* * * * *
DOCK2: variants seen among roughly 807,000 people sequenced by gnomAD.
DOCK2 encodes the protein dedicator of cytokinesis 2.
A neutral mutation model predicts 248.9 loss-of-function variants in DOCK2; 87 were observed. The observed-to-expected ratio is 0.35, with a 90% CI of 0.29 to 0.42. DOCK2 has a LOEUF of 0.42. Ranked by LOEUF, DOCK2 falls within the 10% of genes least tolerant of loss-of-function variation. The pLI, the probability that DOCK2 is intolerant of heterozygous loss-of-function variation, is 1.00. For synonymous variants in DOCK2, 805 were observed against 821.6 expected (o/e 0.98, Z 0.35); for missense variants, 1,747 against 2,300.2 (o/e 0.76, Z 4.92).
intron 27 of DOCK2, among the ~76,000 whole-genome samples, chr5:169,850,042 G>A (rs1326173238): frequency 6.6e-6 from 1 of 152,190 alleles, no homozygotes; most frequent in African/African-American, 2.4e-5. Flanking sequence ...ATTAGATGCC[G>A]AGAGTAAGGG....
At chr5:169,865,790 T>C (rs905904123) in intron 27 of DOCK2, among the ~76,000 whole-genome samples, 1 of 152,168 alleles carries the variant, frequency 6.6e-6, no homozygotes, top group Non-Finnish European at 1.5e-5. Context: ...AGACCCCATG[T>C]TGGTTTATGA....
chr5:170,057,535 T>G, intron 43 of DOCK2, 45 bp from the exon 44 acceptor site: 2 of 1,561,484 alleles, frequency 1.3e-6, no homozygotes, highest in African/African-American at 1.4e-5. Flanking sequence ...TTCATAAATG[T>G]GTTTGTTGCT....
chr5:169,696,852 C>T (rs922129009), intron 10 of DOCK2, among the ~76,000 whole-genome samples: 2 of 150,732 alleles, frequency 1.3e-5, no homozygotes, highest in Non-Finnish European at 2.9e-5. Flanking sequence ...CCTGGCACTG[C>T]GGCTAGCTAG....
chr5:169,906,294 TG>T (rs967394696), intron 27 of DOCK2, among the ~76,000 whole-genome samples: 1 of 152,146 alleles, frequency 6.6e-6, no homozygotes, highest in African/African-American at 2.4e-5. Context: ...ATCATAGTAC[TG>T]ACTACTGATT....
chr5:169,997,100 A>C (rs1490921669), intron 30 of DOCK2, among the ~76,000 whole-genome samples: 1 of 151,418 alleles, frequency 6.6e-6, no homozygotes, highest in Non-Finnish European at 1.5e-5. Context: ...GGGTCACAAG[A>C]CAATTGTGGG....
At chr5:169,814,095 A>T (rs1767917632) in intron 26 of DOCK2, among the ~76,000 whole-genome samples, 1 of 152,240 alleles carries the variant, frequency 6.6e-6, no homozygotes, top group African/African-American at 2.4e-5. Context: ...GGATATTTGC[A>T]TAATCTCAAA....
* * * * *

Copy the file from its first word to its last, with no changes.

DOCK2: variants seen among roughly 807,000 people sequenced by gnomAD.
DOCK2 encodes the protein dedicator of cytokinesis 2.
A neutral mutation model predicts 248.9 loss-of-function variants in DOCK2; 87 were observed. The observed-to-expected ratio is 0.35, with a 90% CI of 0.29 to 0.42. DOCK2 has a LOEUF of 0.42. Ranked by LOEUF, DOCK2 falls within the 10% of genes least tolerant of loss-of-function variation. The pLI, the probability that DOCK2 is intolerant of heterozygous loss-of-function variation, is 1.00. For synonymous variants in DOCK2, 805 were observed against 821.6 expected (o/e 0.98, Z 0.35); for missense variants, 1,747 against 2,300.2 (o/e 0.76, Z 4.92).
intron 27 of DOCK2, among the ~76,000 whole-genome samples, chr5:169,850,042 G>A (rs1326173238): frequency 6.6e-6 from 1 of 152,190 alleles, no homozygotes; most frequent in African/African-American, 2.4e-5. Flanking sequence ...ATTAGATGCC[G>A]AGAGTAAGGG....
At chr5:169,865,790 T>C (rs905904123) in intron 27 of DOCK2, among the ~76,000 whole-genome samples, 1 of 152,168 alleles carries the variant, frequency 6.6e-6, no homozygotes, top group Non-Finnish European at 1.5e-5. Context: ...AGACCCCATG[T>C]TGGTTTATGA....
chr5:170,057,535 T>G, intron 43 of DOCK2, 45 bp from the exon 44 acceptor site: 2 of 1,561,484 alleles, frequency 1.3e-6, no homozygotes, highest in African/African-American at 1.4e-5. Flanking sequence ...TTCATAAATG[T>G]GTTTGTTGCT....
chr5:169,696,852 C>T (rs922129009), intron 10 of DOCK2, among the ~76,000 whole-genome samples: 2 of 150,732 alleles, frequency 1.3e-5, no homozygotes, highest in Non-Finnish European at 2.9e-5. Flanking sequence ...CCTGGCACTG[C>T]GGCTAGCTAG....
chr5:169,906,294 TG>T (rs967394696), intron 27 of DOCK2, among the ~76,000 whole-genome samples: 1 of 152,146 alleles, frequency 6.6e-6, no homozygotes, highest in African/African-American at 2.4e-5. Context: ...ATCATAGTAC[TG>T]ACTACTGATT....
chr5:169,997,100 A>C (rs1490921669), intron 30 of DOCK2, among the ~76,000 whole-genome samples: 1 of 151,418 alleles, frequency 6.6e-6, no homozygotes, highest in Non-Finnish European at 1.5e-5. Context: ...GGGTCACAAG[A>C]CAATTGTGGG....
At chr5:169,814,095 A>T (rs1767917632) in intron 26 of DOCK2, among the ~76,000 whole-genome samples, 1 of 152,240 alleles carries the variant, frequency 6.6e-6, no homozygotes, top group African/African-American at 2.4e-5. Context: ...GGATATTTGC[A>T]TAATCTCAAA....